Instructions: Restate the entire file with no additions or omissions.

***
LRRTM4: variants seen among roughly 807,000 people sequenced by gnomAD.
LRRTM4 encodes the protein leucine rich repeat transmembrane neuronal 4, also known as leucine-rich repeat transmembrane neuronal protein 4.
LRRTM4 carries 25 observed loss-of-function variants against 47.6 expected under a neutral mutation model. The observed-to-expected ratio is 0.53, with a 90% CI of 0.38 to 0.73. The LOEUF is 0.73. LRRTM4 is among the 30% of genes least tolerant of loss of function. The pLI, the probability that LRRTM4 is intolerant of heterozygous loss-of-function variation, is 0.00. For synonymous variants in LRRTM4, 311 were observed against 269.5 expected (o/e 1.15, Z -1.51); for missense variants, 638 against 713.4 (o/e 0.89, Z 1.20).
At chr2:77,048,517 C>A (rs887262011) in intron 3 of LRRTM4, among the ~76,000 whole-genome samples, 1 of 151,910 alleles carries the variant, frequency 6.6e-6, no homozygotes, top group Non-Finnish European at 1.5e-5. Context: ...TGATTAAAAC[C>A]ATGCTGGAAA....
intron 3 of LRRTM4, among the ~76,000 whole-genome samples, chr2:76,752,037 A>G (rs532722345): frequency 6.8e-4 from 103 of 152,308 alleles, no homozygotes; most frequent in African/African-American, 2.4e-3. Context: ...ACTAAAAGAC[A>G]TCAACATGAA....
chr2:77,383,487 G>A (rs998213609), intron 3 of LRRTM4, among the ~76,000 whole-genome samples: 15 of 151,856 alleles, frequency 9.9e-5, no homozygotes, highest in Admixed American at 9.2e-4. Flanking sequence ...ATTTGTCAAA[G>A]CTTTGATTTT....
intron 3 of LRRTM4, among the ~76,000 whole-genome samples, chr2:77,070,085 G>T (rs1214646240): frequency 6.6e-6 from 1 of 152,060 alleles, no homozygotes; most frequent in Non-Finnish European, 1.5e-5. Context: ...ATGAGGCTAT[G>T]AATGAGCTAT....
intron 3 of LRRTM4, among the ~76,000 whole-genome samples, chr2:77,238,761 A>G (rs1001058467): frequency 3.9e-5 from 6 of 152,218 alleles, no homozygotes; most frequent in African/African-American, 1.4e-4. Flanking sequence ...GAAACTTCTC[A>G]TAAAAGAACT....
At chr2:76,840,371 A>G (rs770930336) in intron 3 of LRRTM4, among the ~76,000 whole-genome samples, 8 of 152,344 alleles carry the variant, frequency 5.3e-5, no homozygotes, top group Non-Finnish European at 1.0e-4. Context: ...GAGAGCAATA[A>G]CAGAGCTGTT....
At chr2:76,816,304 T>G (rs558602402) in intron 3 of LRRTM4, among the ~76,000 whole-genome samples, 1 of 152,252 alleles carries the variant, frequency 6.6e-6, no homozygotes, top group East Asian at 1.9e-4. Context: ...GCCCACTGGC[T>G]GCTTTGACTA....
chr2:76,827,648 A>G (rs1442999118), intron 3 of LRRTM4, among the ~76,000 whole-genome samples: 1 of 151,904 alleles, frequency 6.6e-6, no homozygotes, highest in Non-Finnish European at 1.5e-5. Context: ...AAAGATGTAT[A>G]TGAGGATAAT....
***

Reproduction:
LRRTM4: variants seen among roughly 807,000 people sequenced by gnomAD.
LRRTM4 encodes the protein leucine rich repeat transmembrane neuronal 4, also known as leucine-rich repeat transmembrane neuronal protein 4.
LRRTM4 carries 25 observed loss-of-function variants against 47.6 expected under a neutral mutation model. The observed-to-expected ratio is 0.53, with a 90% CI of 0.38 to 0.73. The LOEUF is 0.73. LRRTM4 is among the 30% of genes least tolerant of loss of function. The pLI, the probability that LRRTM4 is intolerant of heterozygous loss-of-function variation, is 0.00. For synonymous variants in LRRTM4, 311 were observed against 269.5 expected (o/e 1.15, Z -1.51); for missense variants, 638 against 713.4 (o/e 0.89, Z 1.20).
At chr2:77,048,517 C>A (rs887262011) in intron 3 of LRRTM4, among the ~76,000 whole-genome samples, 1 of 151,910 alleles carries the variant, frequency 6.6e-6, no homozygotes, top group Non-Finnish European at 1.5e-5. Context: ...TGATTAAAAC[C>A]ATGCTGGAAA....
intron 3 of LRRTM4, among the ~76,000 whole-genome samples, chr2:76,752,037 A>G (rs532722345): frequency 6.8e-4 from 103 of 152,308 alleles, no homozygotes; most frequent in African/African-American, 2.4e-3. Context: ...ACTAAAAGAC[A>G]TCAACATGAA....
chr2:77,383,487 G>A (rs998213609), intron 3 of LRRTM4, among the ~76,000 whole-genome samples: 15 of 151,856 alleles, frequency 9.9e-5, no homozygotes, highest in Admixed American at 9.2e-4. Flanking sequence ...ATTTGTCAAA[G>A]CTTTGATTTT....
intron 3 of LRRTM4, among the ~76,000 whole-genome samples, chr2:77,070,085 G>T (rs1214646240): frequency 6.6e-6 from 1 of 152,060 alleles, no homozygotes; most frequent in Non-Finnish European, 1.5e-5. Context: ...ATGAGGCTAT[G>T]AATGAGCTAT....
intron 3 of LRRTM4, among the ~76,000 whole-genome samples, chr2:77,238,761 A>G (rs1001058467): frequency 3.9e-5 from 6 of 152,218 alleles, no homozygotes; most frequent in African/African-American, 1.4e-4. Flanking sequence ...GAAACTTCTC[A>G]TAAAAGAACT....
At chr2:76,840,371 A>G (rs770930336) in intron 3 of LRRTM4, among the ~76,000 whole-genome samples, 8 of 152,344 alleles carry the variant, frequency 5.3e-5, no homozygotes, top group Non-Finnish European at 1.0e-4. Context: ...GAGAGCAATA[A>G]CAGAGCTGTT....
At chr2:76,816,304 T>G (rs558602402) in intron 3 of LRRTM4, among the ~76,000 whole-genome samples, 1 of 152,252 alleles carries the variant, frequency 6.6e-6, no homozygotes, top group East Asian at 1.9e-4. Context: ...GCCCACTGGC[T>G]GCTTTGACTA....
chr2:76,827,648 A>G (rs1442999118), intron 3 of LRRTM4, among the ~76,000 whole-genome samples: 1 of 151,904 alleles, frequency 6.6e-6, no homozygotes, highest in Non-Finnish European at 1.5e-5. Context: ...AAAGATGTAT[A>G]TGAGGATAAT....